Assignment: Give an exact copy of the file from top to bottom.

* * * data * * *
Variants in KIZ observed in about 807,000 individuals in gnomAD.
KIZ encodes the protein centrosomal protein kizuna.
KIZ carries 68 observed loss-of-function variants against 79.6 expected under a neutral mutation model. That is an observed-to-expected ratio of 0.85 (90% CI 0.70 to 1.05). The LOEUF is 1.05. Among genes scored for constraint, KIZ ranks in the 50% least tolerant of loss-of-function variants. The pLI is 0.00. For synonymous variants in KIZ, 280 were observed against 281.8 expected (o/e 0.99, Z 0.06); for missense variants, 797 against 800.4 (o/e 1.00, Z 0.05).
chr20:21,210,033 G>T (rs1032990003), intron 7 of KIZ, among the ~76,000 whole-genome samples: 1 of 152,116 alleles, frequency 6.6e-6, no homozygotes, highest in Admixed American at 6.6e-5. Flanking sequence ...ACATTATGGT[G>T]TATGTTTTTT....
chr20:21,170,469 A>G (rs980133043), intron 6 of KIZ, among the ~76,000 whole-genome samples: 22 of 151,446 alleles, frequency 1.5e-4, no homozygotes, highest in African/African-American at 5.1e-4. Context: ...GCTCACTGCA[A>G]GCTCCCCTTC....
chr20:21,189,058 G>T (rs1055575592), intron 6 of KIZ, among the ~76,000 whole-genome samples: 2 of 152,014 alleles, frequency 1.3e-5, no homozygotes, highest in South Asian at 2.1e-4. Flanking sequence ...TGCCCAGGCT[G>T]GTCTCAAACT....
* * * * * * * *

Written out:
Variants in KIZ observed in about 807,000 individuals in gnomAD.
KIZ encodes the protein centrosomal protein kizuna.
KIZ carries 68 observed loss-of-function variants against 79.6 expected under a neutral mutation model. That is an observed-to-expected ratio of 0.85 (90% CI 0.70 to 1.05). The LOEUF is 1.05. Among genes scored for constraint, KIZ ranks in the 50% least tolerant of loss-of-function variants. The pLI is 0.00. For synonymous variants in KIZ, 280 were observed against 281.8 expected (o/e 0.99, Z 0.06); for missense variants, 797 against 800.4 (o/e 1.00, Z 0.05).
chr20:21,210,033 G>T (rs1032990003), intron 7 of KIZ, among the ~76,000 whole-genome samples: 1 of 152,116 alleles, frequency 6.6e-6, no homozygotes, highest in Admixed American at 6.6e-5. Flanking sequence ...ACATTATGGT[G>T]TATGTTTTTT....
chr20:21,170,469 A>G (rs980133043), intron 6 of KIZ, among the ~76,000 whole-genome samples: 22 of 151,446 alleles, frequency 1.5e-4, no homozygotes, highest in African/African-American at 5.1e-4. Context: ...GCTCACTGCA[A>G]GCTCCCCTTC....
chr20:21,189,058 G>T (rs1055575592), intron 6 of KIZ, among the ~76,000 whole-genome samples: 2 of 152,014 alleles, frequency 1.3e-5, no homozygotes, highest in South Asian at 2.1e-4. Flanking sequence ...TGCCCAGGCT[G>T]GTCTCAAACT....